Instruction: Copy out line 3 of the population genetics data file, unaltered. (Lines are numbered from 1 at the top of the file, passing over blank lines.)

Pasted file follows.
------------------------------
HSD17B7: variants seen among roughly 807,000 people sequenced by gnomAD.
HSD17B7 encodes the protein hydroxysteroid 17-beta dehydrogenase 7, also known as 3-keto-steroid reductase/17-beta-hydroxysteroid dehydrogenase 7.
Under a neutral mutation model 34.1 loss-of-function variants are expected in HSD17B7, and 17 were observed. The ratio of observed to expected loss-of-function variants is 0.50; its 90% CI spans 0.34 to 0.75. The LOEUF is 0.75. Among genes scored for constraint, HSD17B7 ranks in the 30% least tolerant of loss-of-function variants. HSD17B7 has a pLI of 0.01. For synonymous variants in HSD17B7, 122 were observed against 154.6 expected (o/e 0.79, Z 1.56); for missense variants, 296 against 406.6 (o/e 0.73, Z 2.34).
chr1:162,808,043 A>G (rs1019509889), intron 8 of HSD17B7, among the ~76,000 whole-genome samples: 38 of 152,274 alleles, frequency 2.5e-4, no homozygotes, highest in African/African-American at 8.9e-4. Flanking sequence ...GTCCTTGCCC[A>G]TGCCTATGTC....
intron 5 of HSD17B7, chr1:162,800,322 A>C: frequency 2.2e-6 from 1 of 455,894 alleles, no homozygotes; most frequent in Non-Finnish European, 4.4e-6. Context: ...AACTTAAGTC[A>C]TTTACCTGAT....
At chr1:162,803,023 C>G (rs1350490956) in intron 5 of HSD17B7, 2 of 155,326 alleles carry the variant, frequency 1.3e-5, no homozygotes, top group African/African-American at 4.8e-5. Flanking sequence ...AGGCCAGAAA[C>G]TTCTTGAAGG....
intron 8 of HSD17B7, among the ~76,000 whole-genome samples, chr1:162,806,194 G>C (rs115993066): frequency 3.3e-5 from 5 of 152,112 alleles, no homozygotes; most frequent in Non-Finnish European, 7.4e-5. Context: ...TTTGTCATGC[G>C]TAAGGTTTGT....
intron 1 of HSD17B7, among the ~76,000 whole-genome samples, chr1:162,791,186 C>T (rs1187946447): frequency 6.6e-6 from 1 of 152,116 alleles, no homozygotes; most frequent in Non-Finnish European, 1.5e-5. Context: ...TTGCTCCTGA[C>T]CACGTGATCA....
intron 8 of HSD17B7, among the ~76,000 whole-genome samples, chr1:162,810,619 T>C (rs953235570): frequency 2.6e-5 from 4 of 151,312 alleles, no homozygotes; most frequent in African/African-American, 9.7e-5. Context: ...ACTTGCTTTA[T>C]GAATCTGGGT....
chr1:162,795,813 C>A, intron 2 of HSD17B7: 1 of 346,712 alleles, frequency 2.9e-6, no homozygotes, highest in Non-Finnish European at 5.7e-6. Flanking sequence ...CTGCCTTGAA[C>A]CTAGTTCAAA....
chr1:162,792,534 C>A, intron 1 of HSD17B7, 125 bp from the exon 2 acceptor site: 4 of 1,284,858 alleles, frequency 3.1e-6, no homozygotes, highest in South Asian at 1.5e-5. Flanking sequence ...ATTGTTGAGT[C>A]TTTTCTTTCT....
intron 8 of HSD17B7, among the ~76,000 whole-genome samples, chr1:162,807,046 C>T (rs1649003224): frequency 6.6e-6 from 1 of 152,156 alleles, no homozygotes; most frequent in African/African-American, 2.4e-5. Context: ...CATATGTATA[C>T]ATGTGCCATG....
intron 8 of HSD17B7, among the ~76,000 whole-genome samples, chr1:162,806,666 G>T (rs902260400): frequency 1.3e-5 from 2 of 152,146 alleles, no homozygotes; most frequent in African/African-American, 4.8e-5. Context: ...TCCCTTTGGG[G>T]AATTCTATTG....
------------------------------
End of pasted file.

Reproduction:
Under a neutral mutation model 34.1 loss-of-function variants are expected in HSD17B7, and 17 were observed. The ratio of observed to expected loss-of-function variants is 0.50; its 90% CI spans 0.34 to 0.75. The LOEUF is 0.75. Among genes scored for constraint, HSD17B7 ranks in the 30% least tolerant of loss-of-function variants. HSD17B7 has a pLI of 0.01. For synonymous variants in HSD17B7, 122 were observed against 154.6 expected (o/e 0.79, Z 1.56); for missense variants, 296 against 406.6 (o/e 0.73, Z 2.34).